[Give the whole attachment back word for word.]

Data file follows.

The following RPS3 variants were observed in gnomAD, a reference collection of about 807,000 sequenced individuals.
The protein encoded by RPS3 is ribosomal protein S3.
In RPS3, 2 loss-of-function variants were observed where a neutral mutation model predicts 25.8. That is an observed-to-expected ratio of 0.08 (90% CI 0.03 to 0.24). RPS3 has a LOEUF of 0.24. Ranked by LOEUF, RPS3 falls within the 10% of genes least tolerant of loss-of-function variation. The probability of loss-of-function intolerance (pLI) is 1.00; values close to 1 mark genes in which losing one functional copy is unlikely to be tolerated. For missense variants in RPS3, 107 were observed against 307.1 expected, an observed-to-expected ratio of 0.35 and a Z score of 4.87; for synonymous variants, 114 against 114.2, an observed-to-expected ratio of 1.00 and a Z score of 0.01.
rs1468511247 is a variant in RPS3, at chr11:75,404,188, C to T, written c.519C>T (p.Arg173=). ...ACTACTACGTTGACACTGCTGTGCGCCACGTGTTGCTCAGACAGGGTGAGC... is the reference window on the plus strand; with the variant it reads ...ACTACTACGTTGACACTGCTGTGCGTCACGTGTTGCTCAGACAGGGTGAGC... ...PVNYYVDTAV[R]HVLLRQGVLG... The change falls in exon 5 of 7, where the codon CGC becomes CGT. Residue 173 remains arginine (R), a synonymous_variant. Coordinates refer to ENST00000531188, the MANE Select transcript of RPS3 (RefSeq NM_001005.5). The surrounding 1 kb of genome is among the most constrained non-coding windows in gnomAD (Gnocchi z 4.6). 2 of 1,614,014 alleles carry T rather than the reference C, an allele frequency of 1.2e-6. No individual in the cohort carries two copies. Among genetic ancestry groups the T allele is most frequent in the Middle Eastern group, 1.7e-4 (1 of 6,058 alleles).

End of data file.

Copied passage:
The following RPS3 variants were observed in gnomAD, a reference collection of about 807,000 sequenced individuals.
The protein encoded by RPS3 is ribosomal protein S3.
In RPS3, 2 loss-of-function variants were observed where a neutral mutation model predicts 25.8. That is an observed-to-expected ratio of 0.08 (90% CI 0.03 to 0.24). RPS3 has a LOEUF of 0.24. Ranked by LOEUF, RPS3 falls within the 10% of genes least tolerant of loss-of-function variation. The probability of loss-of-function intolerance (pLI) is 1.00; values close to 1 mark genes in which losing one functional copy is unlikely to be tolerated. For missense variants in RPS3, 107 were observed against 307.1 expected, an observed-to-expected ratio of 0.35 and a Z score of 4.87; for synonymous variants, 114 against 114.2, an observed-to-expected ratio of 1.00 and a Z score of 0.01.
rs1468511247 is a variant in RPS3, at chr11:75,404,188, C to T, written c.519C>T (p.Arg173=). ...ACTACTACGTTGACACTGCTGTGCGCCACGTGTTGCTCAGACAGGGTGAGC... is the reference window on the plus strand; with the variant it reads ...ACTACTACGTTGACACTGCTGTGCGTCACGTGTTGCTCAGACAGGGTGAGC... ...PVNYYVDTAV[R]HVLLRQGVLG... The change falls in exon 5 of 7, where the codon CGC becomes CGT. Residue 173 remains arginine (R), a synonymous_variant. Coordinates refer to ENST00000531188, the MANE Select transcript of RPS3 (RefSeq NM_001005.5). The surrounding 1 kb of genome is among the most constrained non-coding windows in gnomAD (Gnocchi z 4.6). 2 of 1,614,014 alleles carry T rather than the reference C, an allele frequency of 1.2e-6. No individual in the cohort carries two copies. Among genetic ancestry groups the T allele is most frequent in the Middle Eastern group, 1.7e-4 (1 of 6,058 alleles).